According to Gallup, half of new businesses in the U.S. fail within the first five years. But it’s important to remember that they don’t fail overnight. In fact, if you look closely, there are a few key signs that can help you identify a failing business months before it happens. Some of these signs include a halt in growth, poor cash-flow management, and a glaring lack of innovation or differentiation.
The first thing most business owners do to try and save their business is cut expenses, but that only slows down the inevitable. What we need to do is breathe new life into a dying business by jump-starting it.
This blog post will help you give your dying business the jolt of energy it needs to get back on the path to success. I’m going to outline a few ways to help turn around a failing business and help you implement them before it’s too late.
Pivot and change direction
Pivoting sounds simpler than it actually is, and could mean many different things to different businesses. For some, it might mean changing your business model, for others, it might mean moving to a completely different vertical or changing your target customer. Maybe you thought your product would sell well with acoustic guitar players, but in fact, it might sell better with piano players.
You might need to sell an entirely different product. This sometimes happens because business owners didn’t properly validate their business ideas or products before launching.
You need to do a close analysis of what’s working and what’s not, and consider making drastic changes.
In the case of Wrigley’s Gum, pivoting was the result of customer demand. Now famously known for selling gum, they sure didn’t start out that way.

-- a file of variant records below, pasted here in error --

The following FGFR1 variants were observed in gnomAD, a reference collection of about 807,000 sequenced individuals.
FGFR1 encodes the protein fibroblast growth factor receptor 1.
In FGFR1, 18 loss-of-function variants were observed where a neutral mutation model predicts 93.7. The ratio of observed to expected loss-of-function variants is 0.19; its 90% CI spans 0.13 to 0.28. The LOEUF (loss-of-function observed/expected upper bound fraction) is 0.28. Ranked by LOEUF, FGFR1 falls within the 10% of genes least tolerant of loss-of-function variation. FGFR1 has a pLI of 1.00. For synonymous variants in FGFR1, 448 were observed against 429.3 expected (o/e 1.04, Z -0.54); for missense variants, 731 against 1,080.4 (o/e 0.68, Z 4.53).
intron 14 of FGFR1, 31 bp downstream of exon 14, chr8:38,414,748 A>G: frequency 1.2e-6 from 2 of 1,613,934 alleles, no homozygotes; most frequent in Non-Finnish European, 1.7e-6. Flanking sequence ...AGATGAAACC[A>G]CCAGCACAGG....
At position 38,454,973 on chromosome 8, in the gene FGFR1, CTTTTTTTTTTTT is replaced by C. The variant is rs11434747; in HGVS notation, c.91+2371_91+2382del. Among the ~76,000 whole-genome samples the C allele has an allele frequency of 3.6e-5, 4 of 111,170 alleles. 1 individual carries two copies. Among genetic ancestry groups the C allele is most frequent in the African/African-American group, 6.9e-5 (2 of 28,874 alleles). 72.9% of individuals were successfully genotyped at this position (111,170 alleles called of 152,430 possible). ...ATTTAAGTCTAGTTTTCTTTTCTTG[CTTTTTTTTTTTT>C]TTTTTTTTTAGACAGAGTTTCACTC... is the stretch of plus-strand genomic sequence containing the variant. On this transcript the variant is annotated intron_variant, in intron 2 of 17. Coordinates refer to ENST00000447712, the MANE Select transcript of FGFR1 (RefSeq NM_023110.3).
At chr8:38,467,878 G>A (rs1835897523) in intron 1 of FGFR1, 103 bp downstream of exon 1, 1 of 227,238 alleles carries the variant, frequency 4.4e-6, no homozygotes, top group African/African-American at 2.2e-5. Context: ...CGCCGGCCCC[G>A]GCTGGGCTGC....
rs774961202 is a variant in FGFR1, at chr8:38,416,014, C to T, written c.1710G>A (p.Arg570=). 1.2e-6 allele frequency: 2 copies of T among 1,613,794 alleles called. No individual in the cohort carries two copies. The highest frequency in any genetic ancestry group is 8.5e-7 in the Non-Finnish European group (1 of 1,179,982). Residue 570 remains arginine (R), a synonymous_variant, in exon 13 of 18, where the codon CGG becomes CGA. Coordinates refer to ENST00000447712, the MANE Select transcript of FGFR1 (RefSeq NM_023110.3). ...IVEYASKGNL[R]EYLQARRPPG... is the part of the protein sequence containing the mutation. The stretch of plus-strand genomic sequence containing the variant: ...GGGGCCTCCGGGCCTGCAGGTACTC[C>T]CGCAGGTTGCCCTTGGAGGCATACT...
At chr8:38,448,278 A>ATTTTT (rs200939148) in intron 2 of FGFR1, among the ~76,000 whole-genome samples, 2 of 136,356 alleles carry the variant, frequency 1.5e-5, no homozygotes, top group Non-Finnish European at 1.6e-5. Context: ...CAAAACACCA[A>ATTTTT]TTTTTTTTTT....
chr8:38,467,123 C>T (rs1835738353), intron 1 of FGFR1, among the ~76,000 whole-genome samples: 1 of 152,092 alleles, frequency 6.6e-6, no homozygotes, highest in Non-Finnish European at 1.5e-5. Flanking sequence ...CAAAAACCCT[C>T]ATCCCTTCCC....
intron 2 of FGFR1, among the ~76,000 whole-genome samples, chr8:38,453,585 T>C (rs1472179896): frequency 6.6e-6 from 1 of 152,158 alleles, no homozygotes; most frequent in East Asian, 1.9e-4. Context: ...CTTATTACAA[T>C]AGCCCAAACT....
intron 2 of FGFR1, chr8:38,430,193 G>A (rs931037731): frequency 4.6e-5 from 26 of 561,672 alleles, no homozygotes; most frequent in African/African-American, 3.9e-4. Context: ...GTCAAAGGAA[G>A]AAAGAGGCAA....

via Wrigley’s Gum
Wrigley’s initially started out selling soap. According to their official website, William Wrigley Jr. offered merchants free cans of baking powder for each bar of soap they bought. When merchants were more interested in the baking soda than the soap, he eventually began selling baking soda and instead offered free sticks of gum with each purchase.
Finally, Mr. Wrigley decided selling chewing gum was his most lucrative business after seeing the interest merchants had in chewing gum and in 1892, he began producing gum out of a Chicago factory. The rest is history.
A rebrand isn’t generally the first thing business owners think about when sales start to plummet. But sometimes, when products and business aren’t positioned properly, a rebrand is necessary to solve that problem.
A rebrand that will successfully jump-start your business isn’t going to be as simple as changing your logo. Your entire brand’s approach to how it positions itself in the market will need an overhaul to see a major impact.
An example of this is Old Spice’s rebrand. Before 2003, the men’s deodorant market was pretty docile and the marketing was nothing like it is today. When Axe began to successfully position themselves as the scent that women couldn’t resist, Old Spice, a failing brand at the time, had to reinvent their image.
By 2008, Old Spice, a brand generally seen at that time as deodorant for older men, took it upon themselves to change the packaging of their products. In this case, they changed the packaging and branding of Old Spice Red Zone Glacial Falls and turned it into Old Spice Swagger.
According to Adweek, this change along with their new marketing quadrupled their sales. Same formula, same product, just new packaging and marketing.
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Niche down and focus
When a business owner tries to do too many different things, it can cause the business to stretch itself too thin.
In other cases, a lack of focus could mean the target niche is too broad. When your target customer is “everyone”, it’s really nobody. This is why getting really specific with your target customer is important. Do you really know who your customer is?
If you do, does your business lack focus? Is it trying to do too many things, or be the best at too many things?